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Unformatted text preview: AMSC/CMSC 660 Scientific Computing I Fall 2006 UNIT 4: Monte Carlo Methods Dianne P. O’Leary c ° 2002,2004,2006 What is a MonteCarlo method? In a MonteCarlo method , the desired answer is formulated as a quantity in a stochastic model and estimated by random sampling of the model. Example: • If we have a cube, with the sides numbered 1 to 6, we might toss the cube 120 times, observe which side comes up on top each time, and study whether the sides occur with approximately equal frequency. • If we have a “black box” that takes a number between 0 and 1 as input and emits a number between 0 and 1 as an output, we could feed the box m numbers and observe the m outputs of the box and use the average of the observations as an estimate of the statistical mean of the process defined by the black box. Two basic principles • There is an important difference between – Monte Carlo methods, which estimate quantities by random sampling, and – pseudoMonte Carlo methods, which use samples that are more systematically chosen. In some sense, all practical computational methods are pseudoMonte Carlo , since random number generators implemented on machines are generally not truly random. So the distinction between the methods is a bit fuzzy. But we’ll use the term Monte Carlo for samples that are generated using pseudorandom numbers generated by a computer program. • Monte Carlo methods are (at least in some sense) methods of last resort . They are generally quite expensive and only applied to problems that are too difficult to handle by deterministic (nonstochastic) methods. The Plan: • Basic statistics: Random and pseudorandom numbers and their generation 1 • Monte Carlo methods for numerical integration • Monte Carlo methods for optimization • An example of Monte Carlo methods for counting Basic statistics: Random and pseudorandom numbers and their generation • What is a random number? • What are the mean and variance of a random sample? • What is a distribution? What are its mean and variance? • How are pseudorandom numbers generated? Examples of how to generate random numbers • Take n papers and number them 1 to n . Put them in a box, and draw one at random. After you record the resulting number, put the paper back in the box. You are taking random numbers that are uniformly distributed among the values { 1 , 2 ,... ,n } . • Make a spinner by anchoring a needle at the center of a circle. Draw a radius line on the circle. Spin the needle, and measure the angle it forms with the radius line. You obtain random numbers that are uniformly distributed on the interval [0 , 2 π ) . • The First Six Million Prime Numbers , C.L Baker and F. J. Gruenberger, The Microcard Foundation, Madison, WI, 1959 • If, on average, a radioactive substance emits αparticles every μ seconds, then the time between two successive emissions has the exponential distribution with mean μ . ( Note: This is a special case of the Gamma distribution...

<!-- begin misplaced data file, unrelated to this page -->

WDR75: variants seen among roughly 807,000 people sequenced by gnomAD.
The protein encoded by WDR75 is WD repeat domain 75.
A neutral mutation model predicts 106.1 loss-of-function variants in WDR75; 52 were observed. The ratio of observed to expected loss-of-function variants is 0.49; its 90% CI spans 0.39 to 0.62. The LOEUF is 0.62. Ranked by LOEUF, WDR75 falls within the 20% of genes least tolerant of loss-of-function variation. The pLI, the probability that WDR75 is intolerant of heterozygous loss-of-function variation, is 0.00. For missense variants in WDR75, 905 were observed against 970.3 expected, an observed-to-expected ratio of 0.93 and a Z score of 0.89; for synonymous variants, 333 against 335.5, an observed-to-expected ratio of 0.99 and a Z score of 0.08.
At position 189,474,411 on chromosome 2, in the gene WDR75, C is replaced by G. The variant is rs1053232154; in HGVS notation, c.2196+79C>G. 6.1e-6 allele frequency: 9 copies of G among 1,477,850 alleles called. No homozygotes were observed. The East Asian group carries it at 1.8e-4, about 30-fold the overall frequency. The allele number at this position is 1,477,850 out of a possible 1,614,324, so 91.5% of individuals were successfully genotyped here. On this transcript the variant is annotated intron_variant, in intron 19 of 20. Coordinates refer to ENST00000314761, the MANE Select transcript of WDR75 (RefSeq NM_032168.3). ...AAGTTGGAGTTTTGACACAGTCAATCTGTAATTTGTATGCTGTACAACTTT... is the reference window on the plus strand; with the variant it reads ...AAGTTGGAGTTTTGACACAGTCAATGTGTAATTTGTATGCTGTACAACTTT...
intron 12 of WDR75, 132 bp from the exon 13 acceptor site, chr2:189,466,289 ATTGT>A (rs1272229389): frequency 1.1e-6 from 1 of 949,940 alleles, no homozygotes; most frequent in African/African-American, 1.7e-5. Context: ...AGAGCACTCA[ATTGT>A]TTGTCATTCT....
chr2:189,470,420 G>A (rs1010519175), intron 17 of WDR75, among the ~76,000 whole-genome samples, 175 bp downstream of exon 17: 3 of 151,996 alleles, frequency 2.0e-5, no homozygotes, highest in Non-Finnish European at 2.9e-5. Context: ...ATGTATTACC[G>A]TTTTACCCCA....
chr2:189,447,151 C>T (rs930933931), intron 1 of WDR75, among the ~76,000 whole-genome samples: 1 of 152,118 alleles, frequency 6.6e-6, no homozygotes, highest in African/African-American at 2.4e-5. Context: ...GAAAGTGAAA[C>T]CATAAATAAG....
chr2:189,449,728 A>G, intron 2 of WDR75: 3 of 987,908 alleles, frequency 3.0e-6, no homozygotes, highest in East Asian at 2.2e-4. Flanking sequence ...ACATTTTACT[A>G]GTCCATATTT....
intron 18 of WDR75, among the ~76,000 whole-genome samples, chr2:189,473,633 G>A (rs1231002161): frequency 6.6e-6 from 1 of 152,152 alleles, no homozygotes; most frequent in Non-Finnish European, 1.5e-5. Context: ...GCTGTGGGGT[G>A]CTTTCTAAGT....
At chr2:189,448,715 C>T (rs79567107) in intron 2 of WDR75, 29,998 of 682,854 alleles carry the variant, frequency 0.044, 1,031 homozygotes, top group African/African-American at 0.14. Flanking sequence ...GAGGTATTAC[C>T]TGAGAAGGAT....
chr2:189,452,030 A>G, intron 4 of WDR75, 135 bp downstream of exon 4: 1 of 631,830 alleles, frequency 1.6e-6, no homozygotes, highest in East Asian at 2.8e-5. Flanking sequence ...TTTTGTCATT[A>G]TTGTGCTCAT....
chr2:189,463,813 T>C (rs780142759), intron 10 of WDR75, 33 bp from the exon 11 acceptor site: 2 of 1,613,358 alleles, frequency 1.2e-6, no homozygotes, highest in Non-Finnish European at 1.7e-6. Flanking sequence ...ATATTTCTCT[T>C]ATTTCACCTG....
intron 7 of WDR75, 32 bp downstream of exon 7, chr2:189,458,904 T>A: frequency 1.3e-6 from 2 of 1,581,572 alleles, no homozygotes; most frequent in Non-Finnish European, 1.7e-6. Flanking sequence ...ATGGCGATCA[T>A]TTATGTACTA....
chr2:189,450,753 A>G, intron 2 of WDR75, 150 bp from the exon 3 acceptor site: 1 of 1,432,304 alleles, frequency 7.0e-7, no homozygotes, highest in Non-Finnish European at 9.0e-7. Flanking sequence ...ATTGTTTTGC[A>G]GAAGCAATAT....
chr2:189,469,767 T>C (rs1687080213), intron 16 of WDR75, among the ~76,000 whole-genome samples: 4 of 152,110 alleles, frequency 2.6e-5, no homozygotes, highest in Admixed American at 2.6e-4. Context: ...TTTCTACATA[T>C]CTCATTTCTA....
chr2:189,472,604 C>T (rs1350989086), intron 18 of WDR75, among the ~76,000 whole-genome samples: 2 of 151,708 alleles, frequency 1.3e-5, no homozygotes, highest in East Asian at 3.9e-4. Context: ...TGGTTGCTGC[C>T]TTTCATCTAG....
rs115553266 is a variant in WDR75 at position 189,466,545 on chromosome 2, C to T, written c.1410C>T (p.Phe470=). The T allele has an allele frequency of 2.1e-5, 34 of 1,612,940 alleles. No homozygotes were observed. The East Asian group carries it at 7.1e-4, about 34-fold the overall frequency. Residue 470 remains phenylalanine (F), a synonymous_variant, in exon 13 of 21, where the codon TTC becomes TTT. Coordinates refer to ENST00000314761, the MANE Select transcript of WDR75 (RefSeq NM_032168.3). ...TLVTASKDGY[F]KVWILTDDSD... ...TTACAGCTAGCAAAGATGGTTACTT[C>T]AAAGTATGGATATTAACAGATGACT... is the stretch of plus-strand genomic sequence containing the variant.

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 Fall '06
 oleary
 Normal Distribution, Probability theory, Randomness, Monte Carlo method, Monte Carlo Integration

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